Book Summary: The New York Yankees won the World Series four times between 1996-2000. This book is the story of the New York Yankees of the 1990s, who were the worse team in baseball for a brief period.
I didn’t entirely understand why Chumps to Champs opened with Andy Hawkin’s no-hitter on July 1, 1990. No-hitters are always celebrated and reflected upon for decades. There was the only problem with this particular no-hitter. Hawkins lost the game 4-0, and Major League Baseball stripped Hawkins of his no-hitter.
At the time, no one would fully comprehend that day would go on, to sum up, the current state of the once-revered New York Yankees. Since they last played in the World Series (1981), it had been a long time and still had one of baseball’s best players in their lineup, Don Mattingly. They also had one of the game’s most eager and festy owners, George Steinbrenner. Despite all their attempts at winning, the New York Yankees were just a shell of their former selves.
This book documents their slow and painful rise from mediocrity to World Championships. It showcases all the managerial changes Steinbrenner would pull the trigger because the guy was never happy unless they were winning.
A great deal of the stories focuses on Buck Showalter, who was the manager of the big team from 1992-1995. Buck’s career with the Yankees started in 1990 when everything was a mess. Showalter played a vital part in helping the organization with scouting and coaching. I always knew Buck Showalter as the manager of the Baltimore Orioles (2010-2018). I had no clue he was a former Yankees manager, never mind such a great baseball mind. This guy studied film for hours every day and was willing to do anything to make his manager career in the major league happen. Thanks to this book, I was able to appreciate everything Showalter contributed to the game.
The book doesn’t shy away from the controversies that ignited clubhouse fights (hair cuts), ongoing battles with the players (Dave Winnfield), and the legal troubles with the MLB front offices. There’s a whole chapter about the 1990 incident that lead to George Steinbrenner’s second permanent banishment from the game. Although George was serving a suspension and not allowed to interact with the team, his fingerprints were still on everything the Yankees touched.
It was also fascinating to learn Bernie Williams’s story and how it became a New York Yankee. It was also insightful to read that Steinbrenner didn’t like him and wanted to trade him. Lost in Bernie’s story is also the career of Gerald Williams. There were plenty of Williams on the roster but not enough space to play them.
Bernie may have been one of the first pieces for a future Yankees dynasty, but so were Andy Pettite and Marino Rivera. You can’t talk about the eventual Core Four without those two names, so one has to dig deep into the scouting reports to see how it all came to be. Sometimes it’s simply amazing to see how life turns out. Some scouts go places to see certain people and instead discover hidden gems. Pettite and Rivera would both fall into that category. One has to imagine how different history would be if neither got scouted or traded away.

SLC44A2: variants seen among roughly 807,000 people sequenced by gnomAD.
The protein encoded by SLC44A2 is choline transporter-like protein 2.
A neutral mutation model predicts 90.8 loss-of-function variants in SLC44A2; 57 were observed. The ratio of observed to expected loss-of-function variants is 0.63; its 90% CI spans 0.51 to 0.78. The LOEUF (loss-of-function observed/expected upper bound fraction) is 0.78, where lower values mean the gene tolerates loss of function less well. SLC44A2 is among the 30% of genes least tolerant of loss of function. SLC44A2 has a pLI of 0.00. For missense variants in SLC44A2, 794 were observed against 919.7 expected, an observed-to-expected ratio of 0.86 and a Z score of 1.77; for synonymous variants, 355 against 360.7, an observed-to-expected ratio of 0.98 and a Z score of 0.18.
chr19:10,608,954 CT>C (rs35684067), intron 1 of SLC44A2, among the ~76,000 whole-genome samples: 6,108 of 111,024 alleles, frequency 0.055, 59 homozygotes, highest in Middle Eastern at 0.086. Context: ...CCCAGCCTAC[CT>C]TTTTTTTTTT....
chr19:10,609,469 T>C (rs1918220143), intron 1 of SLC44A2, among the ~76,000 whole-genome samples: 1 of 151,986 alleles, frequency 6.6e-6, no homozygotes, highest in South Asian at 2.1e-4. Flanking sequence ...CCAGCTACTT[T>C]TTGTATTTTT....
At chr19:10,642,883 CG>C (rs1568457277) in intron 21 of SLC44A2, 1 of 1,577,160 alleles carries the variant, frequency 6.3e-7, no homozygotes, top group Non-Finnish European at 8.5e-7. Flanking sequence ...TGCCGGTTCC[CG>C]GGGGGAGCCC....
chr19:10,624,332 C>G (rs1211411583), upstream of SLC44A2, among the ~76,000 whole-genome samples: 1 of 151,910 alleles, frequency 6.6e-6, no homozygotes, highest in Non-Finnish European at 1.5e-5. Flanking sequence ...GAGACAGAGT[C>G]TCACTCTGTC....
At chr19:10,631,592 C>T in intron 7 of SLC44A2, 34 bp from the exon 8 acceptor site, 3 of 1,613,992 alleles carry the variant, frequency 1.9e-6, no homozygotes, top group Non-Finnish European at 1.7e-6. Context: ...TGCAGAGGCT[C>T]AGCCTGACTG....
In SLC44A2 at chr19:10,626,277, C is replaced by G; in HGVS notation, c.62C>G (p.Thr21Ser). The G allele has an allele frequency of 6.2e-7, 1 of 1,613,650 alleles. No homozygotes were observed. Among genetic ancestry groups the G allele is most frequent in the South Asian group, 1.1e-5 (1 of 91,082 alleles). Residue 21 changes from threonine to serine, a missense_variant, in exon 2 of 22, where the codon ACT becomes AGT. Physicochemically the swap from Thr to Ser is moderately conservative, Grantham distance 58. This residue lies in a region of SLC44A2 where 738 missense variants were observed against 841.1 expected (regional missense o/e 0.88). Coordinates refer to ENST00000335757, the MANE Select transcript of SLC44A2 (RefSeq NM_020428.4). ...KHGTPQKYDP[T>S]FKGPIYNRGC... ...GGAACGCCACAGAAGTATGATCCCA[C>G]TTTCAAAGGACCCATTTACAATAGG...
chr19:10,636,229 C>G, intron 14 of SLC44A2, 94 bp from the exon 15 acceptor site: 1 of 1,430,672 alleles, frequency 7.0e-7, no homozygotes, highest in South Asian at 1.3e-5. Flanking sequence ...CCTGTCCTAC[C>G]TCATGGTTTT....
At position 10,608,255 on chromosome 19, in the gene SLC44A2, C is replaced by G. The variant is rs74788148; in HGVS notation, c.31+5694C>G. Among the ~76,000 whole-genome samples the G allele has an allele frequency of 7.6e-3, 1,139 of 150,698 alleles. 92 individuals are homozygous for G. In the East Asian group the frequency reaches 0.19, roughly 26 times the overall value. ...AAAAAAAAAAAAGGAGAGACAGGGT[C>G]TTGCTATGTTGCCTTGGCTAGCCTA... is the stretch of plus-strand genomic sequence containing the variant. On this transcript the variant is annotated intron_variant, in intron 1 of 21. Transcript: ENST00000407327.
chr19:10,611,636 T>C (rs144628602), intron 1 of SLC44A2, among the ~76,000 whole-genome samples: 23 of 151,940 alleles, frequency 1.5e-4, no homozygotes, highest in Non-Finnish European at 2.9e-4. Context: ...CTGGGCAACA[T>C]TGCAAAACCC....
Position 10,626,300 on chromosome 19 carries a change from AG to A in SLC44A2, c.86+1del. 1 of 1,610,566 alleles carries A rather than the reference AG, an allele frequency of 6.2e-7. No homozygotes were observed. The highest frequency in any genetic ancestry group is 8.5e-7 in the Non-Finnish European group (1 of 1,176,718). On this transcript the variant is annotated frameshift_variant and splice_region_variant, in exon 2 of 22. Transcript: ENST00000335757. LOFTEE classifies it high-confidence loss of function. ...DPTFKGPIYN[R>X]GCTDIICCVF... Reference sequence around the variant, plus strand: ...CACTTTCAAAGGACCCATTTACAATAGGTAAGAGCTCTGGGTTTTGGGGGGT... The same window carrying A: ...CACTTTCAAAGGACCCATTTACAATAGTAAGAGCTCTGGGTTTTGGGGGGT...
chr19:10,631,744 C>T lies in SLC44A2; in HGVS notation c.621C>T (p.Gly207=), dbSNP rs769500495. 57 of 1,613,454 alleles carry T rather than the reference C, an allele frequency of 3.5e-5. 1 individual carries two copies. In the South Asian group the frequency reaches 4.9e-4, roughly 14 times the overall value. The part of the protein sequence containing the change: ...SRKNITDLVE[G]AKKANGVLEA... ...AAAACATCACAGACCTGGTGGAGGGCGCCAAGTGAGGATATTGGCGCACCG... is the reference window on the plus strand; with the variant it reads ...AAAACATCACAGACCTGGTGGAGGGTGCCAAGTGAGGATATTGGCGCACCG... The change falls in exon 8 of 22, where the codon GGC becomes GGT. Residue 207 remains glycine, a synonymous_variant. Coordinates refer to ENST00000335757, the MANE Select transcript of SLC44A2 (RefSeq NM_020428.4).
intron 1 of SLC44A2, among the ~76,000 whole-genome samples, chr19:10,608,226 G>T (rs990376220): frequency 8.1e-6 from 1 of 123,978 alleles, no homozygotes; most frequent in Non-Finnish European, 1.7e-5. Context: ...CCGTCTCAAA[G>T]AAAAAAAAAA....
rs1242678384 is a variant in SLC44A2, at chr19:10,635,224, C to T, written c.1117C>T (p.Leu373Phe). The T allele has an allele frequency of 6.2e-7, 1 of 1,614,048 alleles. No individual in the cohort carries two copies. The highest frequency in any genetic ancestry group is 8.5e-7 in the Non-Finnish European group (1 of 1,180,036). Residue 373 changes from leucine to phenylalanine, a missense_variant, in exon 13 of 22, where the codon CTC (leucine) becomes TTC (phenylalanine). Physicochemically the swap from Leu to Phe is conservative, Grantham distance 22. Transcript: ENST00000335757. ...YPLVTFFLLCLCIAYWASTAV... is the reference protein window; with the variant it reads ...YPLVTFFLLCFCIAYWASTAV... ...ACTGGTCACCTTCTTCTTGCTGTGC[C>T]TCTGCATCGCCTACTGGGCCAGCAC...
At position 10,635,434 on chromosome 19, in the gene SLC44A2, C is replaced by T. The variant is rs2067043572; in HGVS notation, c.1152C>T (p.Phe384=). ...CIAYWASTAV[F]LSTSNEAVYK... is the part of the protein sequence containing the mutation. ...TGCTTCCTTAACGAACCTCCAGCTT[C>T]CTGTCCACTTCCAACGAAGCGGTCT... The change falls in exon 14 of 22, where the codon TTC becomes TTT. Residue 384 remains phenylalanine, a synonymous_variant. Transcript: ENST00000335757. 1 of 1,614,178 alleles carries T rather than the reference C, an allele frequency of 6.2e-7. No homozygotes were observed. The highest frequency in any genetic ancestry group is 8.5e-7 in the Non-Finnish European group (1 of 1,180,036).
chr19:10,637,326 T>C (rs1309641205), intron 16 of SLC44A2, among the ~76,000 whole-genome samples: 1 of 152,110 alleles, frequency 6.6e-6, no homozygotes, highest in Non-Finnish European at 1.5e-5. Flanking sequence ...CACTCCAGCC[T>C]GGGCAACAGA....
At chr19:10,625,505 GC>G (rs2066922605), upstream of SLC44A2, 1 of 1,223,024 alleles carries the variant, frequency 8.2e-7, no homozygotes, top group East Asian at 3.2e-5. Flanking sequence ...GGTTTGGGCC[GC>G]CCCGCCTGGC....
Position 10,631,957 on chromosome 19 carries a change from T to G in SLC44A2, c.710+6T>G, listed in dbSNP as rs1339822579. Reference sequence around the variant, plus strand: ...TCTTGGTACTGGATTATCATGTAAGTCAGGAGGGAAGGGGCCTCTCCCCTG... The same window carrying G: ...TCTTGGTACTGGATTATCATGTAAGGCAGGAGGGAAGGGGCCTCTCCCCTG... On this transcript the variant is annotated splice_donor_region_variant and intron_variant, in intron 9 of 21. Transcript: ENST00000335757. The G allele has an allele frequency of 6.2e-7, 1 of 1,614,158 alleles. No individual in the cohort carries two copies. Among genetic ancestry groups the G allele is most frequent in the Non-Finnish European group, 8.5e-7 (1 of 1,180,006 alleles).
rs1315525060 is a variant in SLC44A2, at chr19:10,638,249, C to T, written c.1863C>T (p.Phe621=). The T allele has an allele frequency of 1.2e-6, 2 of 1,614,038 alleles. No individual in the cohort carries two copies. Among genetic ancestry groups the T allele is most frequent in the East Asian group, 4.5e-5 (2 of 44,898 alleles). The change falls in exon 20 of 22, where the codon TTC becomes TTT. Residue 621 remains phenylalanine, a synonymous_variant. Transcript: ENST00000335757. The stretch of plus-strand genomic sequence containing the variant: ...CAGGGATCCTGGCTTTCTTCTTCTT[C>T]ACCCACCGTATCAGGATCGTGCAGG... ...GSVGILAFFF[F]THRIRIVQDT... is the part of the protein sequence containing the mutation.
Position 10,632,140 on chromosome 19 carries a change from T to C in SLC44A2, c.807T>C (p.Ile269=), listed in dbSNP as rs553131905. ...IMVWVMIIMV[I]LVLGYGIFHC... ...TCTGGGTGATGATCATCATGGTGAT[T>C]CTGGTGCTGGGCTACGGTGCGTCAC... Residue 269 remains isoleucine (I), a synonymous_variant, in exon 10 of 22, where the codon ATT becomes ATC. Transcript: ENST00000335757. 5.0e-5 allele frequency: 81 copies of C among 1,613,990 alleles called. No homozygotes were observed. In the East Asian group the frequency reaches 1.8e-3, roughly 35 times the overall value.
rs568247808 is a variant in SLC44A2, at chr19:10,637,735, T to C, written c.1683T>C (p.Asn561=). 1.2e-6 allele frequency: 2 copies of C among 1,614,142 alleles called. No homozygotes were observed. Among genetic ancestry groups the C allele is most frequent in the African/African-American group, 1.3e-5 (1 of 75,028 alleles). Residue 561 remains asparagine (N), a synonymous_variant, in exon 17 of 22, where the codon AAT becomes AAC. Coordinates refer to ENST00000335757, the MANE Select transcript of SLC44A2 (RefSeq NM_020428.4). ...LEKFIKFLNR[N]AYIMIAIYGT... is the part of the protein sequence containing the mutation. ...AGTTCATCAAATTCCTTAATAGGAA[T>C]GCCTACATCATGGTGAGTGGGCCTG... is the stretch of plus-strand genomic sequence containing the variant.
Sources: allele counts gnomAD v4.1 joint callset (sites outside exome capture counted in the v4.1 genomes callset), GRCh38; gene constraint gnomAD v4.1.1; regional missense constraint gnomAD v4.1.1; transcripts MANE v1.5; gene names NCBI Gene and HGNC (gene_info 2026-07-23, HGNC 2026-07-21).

Another interesting side story arc builds throughout the entire book, one that started way back in 1982. That was when Don Mattingly became a major league player. Throughout his entire career in Pinstripes, the six-time All-Star and 1985 AL MVP played once in the playoffs, his final season in 1995. So the team mentality for most of the book appeared to be, win one for Donny Baseball, but embrace the future simultaneously.
Even though the New York Yankees were a laughing stock of baseball in 1990, things were quite different in 1993 and 1994. Chumps to Champs details the success of the 1994 team, which lost out on a good postseason run when the season ended due to a labour strike. Any fan of the franchise at that time could see that their patience was going to pay off. The blocks were in place, and young kids named Derek Jeter, Riveria, Pettite, and Williams would become household names in homes all over the country. Despite numerous shuffles of management, the right people were falling into place, and the seeds of the dynasty were almost ready for harvest.
I was skeptical of the book and wondered how it would play out or keep me interested. Yes, I did find the Steinbrenner personal vendettas to be a tad bit childish, and I couldn’t wait to finish those chapters, but those stories did play a vital role in shaping the Yankees’ past and future. Like I mentioned in another book review, I found this one to be thoroughly researched and presented in great detail. Sometimes you can think you know a lot about a subject or the people involved in the story, and then you get a chance to peel back the layers and see there is so much more to any given account.
Chumps to Champs was just that kind of story. Even though I became a fan of the team in 1996 when I was only 14 years old, I had no knowledge they were that bad for that long. This book reminded me to build a powerhouse team, and you have to go through the fire. It would be best if you looked long and hard to find the final pieces to complete the puzzle, known as professional sports. Now, if the Miami Marlins could only learn something from this book.